Prosecute the torture.

July 25, 2009

Interesting Point...

From Stanley Fish.

After some background on Henry Louis Gates at Duke University:
As the story unfolded in the press and on the Internet, I flashed back 20 years or so to the time when Gates arrived in Durham, N.C., to take up the position I had offered him in my capacity as chairman of the English department of Duke University. One of the first things Gates did was buy the grandest house in town (owned previously by a movie director) and renovate it. During the renovation workers would often take Gates for a servant and ask to be pointed to the house’s owner. The drivers of delivery trucks made the same mistake.

The message was unmistakable: What was a black man doing living in a place like this?
The point:
Now, in 2009, it’s a version of the same story. Gates is once again regarded with suspicion because, as the cultural critic Michael Eric Dyson put it in an interview, he has committed the crime of being H.W.B., Housed While Black.

He isn’t the only one thought to be guilty of that crime. TV commentators, laboring to explain the unusual candor and vigor of Obama’s initial comments on the Gates incident, speculated that he had probably been the victim of racial profiling himself. Speculation was unnecessary, for they didn’t have to look any further than the story they were reporting in another segment, the story of the “birthers” — the “wing-nuts,” in Chris Matthews’s phrase — who insist that Obama was born in Kenya and cite as “proof” his failure to come up with an authenticated birth certificate. For several nights running, Matthews displayed a copy of the birth certificate and asked, What do you guys want? How can you keep saying these things in the face of all evidence?

He missed the point. No evidence would be sufficient, just as no evidence would have convinced some of my Duke colleagues that Gates was anything but a charlatan and a fraud. It isn’t the legitimacy of Obama’s birth certificate that’s the problem for the birthers. The problem is again the legitimacy of a black man living in a big house, especially when it’s the White House. Just as some in Durham and Cambridge couldn’t believe that Gates belonged in the neighborhood, so does a vocal minority find it hard to believe that an African-American could possibly be the real president of the United States.
Darn! Why didn't I think of that?

3 comments:

Joshua said...

I wonder how long it will be before I start hearing about the "Gang of 88" crap again and remember why I don't donate directly to my alma mater?

Nevermind, found comment 169. And then any number of results from Googling "henry louis gates" AND lacrosse.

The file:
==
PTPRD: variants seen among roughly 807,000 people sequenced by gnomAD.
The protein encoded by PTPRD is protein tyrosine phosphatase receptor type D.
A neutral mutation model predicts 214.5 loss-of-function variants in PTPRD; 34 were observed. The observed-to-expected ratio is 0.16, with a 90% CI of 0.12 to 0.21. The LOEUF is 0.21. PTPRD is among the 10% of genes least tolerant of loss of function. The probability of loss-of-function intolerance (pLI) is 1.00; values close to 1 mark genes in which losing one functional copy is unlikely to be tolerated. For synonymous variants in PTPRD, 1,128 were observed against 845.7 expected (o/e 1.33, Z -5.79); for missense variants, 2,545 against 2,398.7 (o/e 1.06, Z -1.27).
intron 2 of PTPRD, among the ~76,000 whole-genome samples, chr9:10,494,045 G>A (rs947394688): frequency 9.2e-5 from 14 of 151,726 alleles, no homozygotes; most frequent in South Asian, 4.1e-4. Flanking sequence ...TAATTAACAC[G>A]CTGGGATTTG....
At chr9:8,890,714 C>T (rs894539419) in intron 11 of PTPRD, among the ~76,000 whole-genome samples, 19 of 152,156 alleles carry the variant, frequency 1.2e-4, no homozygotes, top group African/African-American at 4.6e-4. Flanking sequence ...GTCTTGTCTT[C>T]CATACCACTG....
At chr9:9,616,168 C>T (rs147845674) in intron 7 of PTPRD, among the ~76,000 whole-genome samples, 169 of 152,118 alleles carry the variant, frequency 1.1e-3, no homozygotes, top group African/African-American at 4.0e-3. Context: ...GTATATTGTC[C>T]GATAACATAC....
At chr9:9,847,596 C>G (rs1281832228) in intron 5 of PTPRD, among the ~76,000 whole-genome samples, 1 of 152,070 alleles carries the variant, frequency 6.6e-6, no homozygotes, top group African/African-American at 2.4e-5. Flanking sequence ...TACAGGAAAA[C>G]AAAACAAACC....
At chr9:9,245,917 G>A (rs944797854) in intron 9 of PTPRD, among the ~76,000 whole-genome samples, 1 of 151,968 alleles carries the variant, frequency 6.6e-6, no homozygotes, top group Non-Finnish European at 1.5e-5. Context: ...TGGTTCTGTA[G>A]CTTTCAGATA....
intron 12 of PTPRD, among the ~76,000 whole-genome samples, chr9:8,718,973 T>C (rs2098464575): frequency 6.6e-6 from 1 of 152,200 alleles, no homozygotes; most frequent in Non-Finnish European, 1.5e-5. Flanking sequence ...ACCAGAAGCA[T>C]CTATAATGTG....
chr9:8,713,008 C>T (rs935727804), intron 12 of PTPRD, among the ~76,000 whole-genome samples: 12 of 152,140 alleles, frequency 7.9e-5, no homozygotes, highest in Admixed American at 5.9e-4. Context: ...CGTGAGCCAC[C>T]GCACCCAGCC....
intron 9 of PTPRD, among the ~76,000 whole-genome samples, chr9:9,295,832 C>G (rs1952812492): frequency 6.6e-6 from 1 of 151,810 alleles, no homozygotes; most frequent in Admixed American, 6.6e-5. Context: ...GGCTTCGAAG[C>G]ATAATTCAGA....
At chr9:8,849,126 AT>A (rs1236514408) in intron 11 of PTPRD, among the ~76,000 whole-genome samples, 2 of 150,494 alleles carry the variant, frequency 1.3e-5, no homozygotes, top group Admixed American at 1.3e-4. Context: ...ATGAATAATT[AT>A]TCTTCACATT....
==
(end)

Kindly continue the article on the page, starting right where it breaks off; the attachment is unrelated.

EdHeath said...

Charles Blow’s column today is interesting as well. (http://www.nytimes.com/2009/07/25/opinion/25blow.html)

As Obama started his response to a reporters question Wednesday night, we weren't there. So we may never know the specifics. And as I said on my blog, any sensible person, white or especially black, knows you should not yell at a cop. There might be an elaborate circumstance where it is ok, but 99 times out of 100 if you yell at a cop you will spend the night in jail.

That said, Stanley Fish only states the truth. Sure, Boston has a different history than Durham, and Cambridge is a cosmopolitan part of Boston. But no one should forget the protests and violence in Boston over busing. Dr Gates was lucky that he spent a few hours in the police station before being released, with all charges dropped, as opposed to getting beaten up. After all, that sergeant teaches racial sensitivity to police recruits. But Gates made the mistake of yelling at the sergeant in front of officers who presumably report to him. He almost had to arrest him.

So Gates did nothing wrong, per se, and got away with yelling at a policeman with no permanent consequences. What some pundits are starting to say is that the way to look at this incident is not to blame Gates or the sergeant. Gates had a right to be tired and cranky, but shouldn’t have pushed the issue. The sergeant showed some restraint compared to what might happen in other places in the country, but wouldn’t it be nice if we could live in a world where the cops only arrest people who deserve it, and leave the merely annoying in their houses, if that is where they happen to be.

Let’s let the larger issues resonate. Racism did not end when Obama took the oath of office. Just because there is anecdotal evidence of progress in race relations does not mean statistics bear that out.

Sherry said...

my daughter had a friend back in high school whose step-father is black, so was she. he was a very well to do, ob-gyn and they lived in a lovely house in the heart of fox chapel. many times her step father was mistaken for a gardener or handy man etc. my kid graduated from high school in 91, wasn't all that long ago.

if i were them i might have developed an "attitude" as well.